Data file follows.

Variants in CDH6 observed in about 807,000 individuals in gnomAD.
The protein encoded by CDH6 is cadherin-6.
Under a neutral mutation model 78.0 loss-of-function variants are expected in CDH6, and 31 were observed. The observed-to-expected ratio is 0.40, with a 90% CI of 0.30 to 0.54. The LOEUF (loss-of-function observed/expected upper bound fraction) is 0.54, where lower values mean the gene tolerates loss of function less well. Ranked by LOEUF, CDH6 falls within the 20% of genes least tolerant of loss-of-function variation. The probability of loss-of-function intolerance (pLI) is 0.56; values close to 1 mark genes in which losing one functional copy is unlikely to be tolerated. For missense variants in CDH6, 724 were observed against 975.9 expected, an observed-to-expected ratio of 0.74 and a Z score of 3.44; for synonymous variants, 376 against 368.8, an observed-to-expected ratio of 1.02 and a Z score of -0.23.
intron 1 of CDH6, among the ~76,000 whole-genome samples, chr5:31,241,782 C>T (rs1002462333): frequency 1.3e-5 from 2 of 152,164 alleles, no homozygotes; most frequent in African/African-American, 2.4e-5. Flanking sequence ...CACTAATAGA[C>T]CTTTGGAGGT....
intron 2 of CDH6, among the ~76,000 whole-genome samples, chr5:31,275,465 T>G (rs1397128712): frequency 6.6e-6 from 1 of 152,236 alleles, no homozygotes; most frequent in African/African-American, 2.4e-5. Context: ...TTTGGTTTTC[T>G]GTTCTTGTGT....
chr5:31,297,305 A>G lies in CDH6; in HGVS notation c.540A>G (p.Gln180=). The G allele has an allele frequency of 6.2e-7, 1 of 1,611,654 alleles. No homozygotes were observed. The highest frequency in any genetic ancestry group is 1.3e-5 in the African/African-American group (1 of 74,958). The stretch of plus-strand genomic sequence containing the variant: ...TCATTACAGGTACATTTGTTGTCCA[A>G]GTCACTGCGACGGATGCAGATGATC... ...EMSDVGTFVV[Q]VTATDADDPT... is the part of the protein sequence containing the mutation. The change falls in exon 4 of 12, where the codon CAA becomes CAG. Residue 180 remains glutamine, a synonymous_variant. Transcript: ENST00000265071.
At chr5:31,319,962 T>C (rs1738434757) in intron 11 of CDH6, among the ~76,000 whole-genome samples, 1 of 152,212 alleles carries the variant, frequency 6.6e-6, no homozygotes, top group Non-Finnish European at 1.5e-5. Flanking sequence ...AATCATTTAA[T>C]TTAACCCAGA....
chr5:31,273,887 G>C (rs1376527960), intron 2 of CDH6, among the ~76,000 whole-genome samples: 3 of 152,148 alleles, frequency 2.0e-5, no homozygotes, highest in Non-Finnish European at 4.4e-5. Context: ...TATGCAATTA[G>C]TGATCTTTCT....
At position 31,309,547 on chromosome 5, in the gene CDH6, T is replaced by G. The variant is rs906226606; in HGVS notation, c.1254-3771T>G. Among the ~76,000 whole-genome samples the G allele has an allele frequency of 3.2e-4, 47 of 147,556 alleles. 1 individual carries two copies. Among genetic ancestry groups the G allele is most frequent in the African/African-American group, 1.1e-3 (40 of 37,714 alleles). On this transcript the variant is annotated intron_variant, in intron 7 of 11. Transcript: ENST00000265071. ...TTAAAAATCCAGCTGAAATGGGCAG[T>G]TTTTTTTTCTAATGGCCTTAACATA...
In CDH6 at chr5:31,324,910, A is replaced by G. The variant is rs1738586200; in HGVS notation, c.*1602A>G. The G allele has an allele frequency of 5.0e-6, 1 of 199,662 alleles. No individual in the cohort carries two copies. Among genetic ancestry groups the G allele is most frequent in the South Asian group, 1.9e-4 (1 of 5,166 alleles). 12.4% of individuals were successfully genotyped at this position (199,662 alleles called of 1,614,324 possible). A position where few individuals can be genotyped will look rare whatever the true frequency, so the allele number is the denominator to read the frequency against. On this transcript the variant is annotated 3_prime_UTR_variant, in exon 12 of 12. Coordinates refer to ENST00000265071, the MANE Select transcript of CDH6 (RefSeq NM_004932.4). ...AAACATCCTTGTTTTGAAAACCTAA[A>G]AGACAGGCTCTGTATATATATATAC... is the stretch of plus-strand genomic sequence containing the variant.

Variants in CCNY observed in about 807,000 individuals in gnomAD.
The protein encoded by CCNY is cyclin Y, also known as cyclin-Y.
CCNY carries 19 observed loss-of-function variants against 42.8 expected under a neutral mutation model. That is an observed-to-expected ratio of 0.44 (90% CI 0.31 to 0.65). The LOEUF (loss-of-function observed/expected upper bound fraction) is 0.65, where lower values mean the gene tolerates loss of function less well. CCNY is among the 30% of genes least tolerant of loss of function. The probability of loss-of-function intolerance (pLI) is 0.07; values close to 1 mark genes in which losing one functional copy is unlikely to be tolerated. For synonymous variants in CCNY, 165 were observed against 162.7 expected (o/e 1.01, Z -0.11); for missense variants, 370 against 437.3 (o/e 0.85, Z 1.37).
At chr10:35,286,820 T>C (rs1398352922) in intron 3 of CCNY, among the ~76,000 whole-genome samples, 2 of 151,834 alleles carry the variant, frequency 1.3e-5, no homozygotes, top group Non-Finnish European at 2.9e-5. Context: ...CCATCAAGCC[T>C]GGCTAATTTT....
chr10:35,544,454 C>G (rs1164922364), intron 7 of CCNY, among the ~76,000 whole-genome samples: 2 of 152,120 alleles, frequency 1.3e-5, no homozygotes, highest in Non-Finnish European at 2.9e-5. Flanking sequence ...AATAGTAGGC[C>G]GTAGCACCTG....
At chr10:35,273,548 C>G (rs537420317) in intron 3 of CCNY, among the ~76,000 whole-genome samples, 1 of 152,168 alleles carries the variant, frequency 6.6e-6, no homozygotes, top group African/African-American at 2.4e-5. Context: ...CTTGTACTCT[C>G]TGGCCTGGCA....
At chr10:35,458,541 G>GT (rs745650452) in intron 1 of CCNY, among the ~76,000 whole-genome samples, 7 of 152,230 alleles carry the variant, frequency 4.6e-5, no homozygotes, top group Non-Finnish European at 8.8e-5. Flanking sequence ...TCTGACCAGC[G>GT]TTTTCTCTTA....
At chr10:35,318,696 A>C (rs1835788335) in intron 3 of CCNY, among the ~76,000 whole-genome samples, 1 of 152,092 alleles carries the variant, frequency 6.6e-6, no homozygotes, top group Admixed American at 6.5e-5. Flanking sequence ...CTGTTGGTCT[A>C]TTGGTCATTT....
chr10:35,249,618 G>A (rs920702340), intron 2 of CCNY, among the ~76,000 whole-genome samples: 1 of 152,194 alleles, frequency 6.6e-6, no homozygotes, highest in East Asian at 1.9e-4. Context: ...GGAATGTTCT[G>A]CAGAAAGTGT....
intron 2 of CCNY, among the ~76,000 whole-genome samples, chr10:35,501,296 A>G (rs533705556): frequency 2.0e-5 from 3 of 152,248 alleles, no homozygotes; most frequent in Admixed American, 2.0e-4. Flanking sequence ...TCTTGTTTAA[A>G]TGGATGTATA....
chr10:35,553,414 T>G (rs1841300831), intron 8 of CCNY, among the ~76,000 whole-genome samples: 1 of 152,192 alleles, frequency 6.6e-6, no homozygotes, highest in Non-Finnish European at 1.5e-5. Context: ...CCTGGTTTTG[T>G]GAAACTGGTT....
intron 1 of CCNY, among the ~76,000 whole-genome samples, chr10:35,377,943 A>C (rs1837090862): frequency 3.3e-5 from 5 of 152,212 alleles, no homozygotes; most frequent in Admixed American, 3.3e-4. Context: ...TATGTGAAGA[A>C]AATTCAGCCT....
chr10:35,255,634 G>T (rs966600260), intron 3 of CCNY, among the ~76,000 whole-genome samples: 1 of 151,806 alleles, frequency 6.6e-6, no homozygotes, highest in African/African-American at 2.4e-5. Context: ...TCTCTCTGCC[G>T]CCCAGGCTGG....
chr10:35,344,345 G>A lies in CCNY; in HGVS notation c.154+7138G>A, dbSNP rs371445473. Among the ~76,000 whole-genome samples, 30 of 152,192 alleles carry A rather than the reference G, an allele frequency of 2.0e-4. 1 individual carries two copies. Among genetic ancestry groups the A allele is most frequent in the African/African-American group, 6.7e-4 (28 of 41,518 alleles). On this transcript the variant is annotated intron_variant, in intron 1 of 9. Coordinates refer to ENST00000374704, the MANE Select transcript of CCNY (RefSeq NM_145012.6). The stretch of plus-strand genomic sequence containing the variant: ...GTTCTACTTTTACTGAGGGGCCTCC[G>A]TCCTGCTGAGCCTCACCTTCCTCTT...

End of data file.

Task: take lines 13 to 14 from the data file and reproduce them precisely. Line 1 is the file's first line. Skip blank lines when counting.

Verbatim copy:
CCNY carries 19 observed loss-of-function variants against 42.8 expected under a neutral mutation model. That is an observed-to-expected ratio of 0.44 (90% CI 0.31 to 0.65). The LOEUF (loss-of-function observed/expected upper bound fraction) is 0.65, where lower values mean the gene tolerates loss of function less well. CCNY is among the 30% of genes least tolerant of loss of function. The probability of loss-of-function intolerance (pLI) is 0.07; values close to 1 mark genes in which losing one functional copy is unlikely to be tolerated. For synonymous variants in CCNY, 165 were observed against 162.7 expected (o/e 1.01, Z -0.11); for missense variants, 370 against 437.3 (o/e 0.85, Z 1.37).
At chr10:35,286,820 T>C (rs1398352922) in intron 3 of CCNY, among the ~76,000 whole-genome samples, 2 of 151,834 alleles carry the variant, frequency 1.3e-5, no homozygotes, top group Non-Finnish European at 2.9e-5. Context: ...CCATCAAGCC[T>C]GGCTAATTTT....